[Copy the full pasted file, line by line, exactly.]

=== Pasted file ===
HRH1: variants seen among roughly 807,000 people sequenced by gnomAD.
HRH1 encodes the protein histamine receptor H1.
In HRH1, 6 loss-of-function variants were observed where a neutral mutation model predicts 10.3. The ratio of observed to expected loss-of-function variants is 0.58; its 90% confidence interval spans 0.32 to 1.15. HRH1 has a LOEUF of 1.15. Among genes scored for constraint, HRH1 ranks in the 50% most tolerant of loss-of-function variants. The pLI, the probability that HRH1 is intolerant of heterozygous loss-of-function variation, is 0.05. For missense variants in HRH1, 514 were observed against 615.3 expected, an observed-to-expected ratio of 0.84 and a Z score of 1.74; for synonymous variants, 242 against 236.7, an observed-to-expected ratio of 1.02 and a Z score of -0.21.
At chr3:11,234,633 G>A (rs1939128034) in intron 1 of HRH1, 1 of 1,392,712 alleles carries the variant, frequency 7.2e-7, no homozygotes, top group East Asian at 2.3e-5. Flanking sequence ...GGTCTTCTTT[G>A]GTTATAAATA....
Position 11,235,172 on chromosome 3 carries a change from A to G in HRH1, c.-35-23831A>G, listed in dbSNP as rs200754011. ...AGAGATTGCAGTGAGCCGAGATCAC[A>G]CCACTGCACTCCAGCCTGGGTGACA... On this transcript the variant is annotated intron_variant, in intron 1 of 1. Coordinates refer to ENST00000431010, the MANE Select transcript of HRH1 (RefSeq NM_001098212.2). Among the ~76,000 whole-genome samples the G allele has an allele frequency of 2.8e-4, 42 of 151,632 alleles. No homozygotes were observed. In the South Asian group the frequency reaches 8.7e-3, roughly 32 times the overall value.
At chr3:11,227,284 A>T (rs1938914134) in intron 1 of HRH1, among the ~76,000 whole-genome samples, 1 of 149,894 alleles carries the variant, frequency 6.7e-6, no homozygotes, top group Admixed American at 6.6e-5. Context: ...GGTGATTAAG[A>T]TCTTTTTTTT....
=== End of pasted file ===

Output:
HRH1: variants seen among roughly 807,000 people sequenced by gnomAD.
HRH1 encodes the protein histamine receptor H1.
In HRH1, 6 loss-of-function variants were observed where a neutral mutation model predicts 10.3. The ratio of observed to expected loss-of-function variants is 0.58; its 90% confidence interval spans 0.32 to 1.15. HRH1 has a LOEUF of 1.15. Among genes scored for constraint, HRH1 ranks in the 50% most tolerant of loss-of-function variants. The pLI, the probability that HRH1 is intolerant of heterozygous loss-of-function variation, is 0.05. For missense variants in HRH1, 514 were observed against 615.3 expected, an observed-to-expected ratio of 0.84 and a Z score of 1.74; for synonymous variants, 242 against 236.7, an observed-to-expected ratio of 1.02 and a Z score of -0.21.
At chr3:11,234,633 G>A (rs1939128034) in intron 1 of HRH1, 1 of 1,392,712 alleles carries the variant, frequency 7.2e-7, no homozygotes, top group East Asian at 2.3e-5. Flanking sequence ...GGTCTTCTTT[G>A]GTTATAAATA....
Position 11,235,172 on chromosome 3 carries a change from A to G in HRH1, c.-35-23831A>G, listed in dbSNP as rs200754011. ...AGAGATTGCAGTGAGCCGAGATCAC[A>G]CCACTGCACTCCAGCCTGGGTGACA... On this transcript the variant is annotated intron_variant, in intron 1 of 1. Coordinates refer to ENST00000431010, the MANE Select transcript of HRH1 (RefSeq NM_001098212.2). Among the ~76,000 whole-genome samples the G allele has an allele frequency of 2.8e-4, 42 of 151,632 alleles. No homozygotes were observed. In the South Asian group the frequency reaches 8.7e-3, roughly 32 times the overall value.
At chr3:11,227,284 A>T (rs1938914134) in intron 1 of HRH1, among the ~76,000 whole-genome samples, 1 of 149,894 alleles carries the variant, frequency 6.7e-6, no homozygotes, top group Admixed American at 6.6e-5. Context: ...GGTGATTAAG[A>T]TCTTTTTTTT....